This experience convinced us that we need other modes of analysis.  For many law students, required core courses – typically including constitutional law, contracts, civil procedure, criminal law, property, and torts – are the first introduction to what the law is and how to understand it. As such, they should be our first entry point into modes of critical analysis of the law in relation to power.

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Sachs & Block on Labor Day

We’re back from our hiatus, and first up, this cross-post from On Labor, about a new blueprint for labor law. Shouldn’t every day be Labor Day?

 

This Labor Day, A Clean Slate for Reform

Benjamin Sachs & Sharon Block —

As divided as we have become as a country, we arrive at this Labor Day with a shared national understanding: both economic and political power are wildly out of balance, with dire consequences for the vast majority of Americans who find themselves on the losing end of this imbalance. Wherever we live, and however we vote, Americans know that both wealth and political influence are now radically concentrated in the hands of a tiny few.

What does economic inequality look like in 2018 America? Here’s an illustration: The average Amazon worker makes about $29,000 per year, while Jeff Bezos, the Amazon CEO, has a net worth of $150 billion. This means it would take an Amazon worker 5 million years, working full time, to earn what Bezos now possesses.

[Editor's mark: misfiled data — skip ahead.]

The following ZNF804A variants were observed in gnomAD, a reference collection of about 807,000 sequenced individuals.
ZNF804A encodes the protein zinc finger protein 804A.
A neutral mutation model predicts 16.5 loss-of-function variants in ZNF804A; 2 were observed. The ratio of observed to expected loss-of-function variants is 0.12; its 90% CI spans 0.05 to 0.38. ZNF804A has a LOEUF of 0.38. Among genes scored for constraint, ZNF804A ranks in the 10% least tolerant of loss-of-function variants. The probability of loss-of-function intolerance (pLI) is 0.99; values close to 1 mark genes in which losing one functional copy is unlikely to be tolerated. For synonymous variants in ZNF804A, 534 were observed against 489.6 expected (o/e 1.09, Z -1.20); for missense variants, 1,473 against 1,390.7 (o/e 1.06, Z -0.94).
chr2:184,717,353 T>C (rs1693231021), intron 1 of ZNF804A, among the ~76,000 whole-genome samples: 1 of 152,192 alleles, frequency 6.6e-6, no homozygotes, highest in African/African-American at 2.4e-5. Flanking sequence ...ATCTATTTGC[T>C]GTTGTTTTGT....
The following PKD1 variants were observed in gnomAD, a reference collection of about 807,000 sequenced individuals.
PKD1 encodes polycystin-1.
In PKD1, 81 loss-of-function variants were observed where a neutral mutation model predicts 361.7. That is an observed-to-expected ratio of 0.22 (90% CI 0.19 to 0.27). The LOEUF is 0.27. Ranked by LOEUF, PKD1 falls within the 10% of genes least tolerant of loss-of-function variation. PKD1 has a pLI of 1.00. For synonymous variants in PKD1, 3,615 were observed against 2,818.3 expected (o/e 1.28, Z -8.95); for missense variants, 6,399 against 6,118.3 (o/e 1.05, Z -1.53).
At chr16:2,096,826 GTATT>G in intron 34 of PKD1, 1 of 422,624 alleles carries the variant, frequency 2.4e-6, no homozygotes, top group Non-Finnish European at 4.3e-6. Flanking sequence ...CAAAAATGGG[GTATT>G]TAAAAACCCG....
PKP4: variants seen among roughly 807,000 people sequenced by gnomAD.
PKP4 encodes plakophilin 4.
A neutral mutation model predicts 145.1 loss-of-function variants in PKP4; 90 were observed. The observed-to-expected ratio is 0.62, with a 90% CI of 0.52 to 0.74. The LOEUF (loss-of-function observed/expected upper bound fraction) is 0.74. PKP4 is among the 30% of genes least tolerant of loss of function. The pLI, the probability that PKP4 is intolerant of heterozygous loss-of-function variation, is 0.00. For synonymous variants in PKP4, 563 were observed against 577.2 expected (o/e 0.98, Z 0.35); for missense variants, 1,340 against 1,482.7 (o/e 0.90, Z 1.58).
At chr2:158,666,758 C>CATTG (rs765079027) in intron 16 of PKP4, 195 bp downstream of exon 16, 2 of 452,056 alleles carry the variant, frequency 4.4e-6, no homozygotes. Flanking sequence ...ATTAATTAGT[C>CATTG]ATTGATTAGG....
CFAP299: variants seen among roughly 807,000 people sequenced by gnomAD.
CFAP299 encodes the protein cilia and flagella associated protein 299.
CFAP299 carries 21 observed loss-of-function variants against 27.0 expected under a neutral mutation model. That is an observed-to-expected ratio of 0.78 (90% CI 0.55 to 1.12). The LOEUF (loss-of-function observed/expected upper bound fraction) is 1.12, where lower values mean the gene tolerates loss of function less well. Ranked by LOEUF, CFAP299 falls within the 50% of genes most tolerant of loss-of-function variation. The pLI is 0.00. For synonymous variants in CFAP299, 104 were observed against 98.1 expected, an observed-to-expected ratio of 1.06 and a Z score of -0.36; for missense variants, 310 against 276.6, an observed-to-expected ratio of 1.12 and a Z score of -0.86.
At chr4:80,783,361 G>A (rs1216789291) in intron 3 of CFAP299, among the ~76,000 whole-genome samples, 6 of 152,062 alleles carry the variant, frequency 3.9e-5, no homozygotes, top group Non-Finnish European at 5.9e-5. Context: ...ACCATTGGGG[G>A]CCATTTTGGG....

With respect to political inequality, the data is just as stark. Political scientists have shown that the preferences of the vast majority of Americans simply no longer have any impact on what happens in Washington. In fact, when the rich disagree wth the poor and middle class, the path our government takes has nothing to do with what anyone but the rich want.

Why is it important to consider this crisis of inequality on the day we set aside to honor labor?  Because the evisceration of the labor movement is in large measure what got us here, and resuscitating the collective power of workers is what will get us out of this mess.  The more we learn about inequality – both economic and political – the clearer it becomes that the strength of the labor movement is intimately connected with the equality of our nation. Sustain a strong labor movement and you can count on a more equal society. Kill labor and you kill equality.

The question on this Labor Day therefore must be how, in 2018, can we create a new labor movement, one that can unite the interests of a sufficient number of lower and middle income Americans so that they have the power to restore balance to our economy and politics.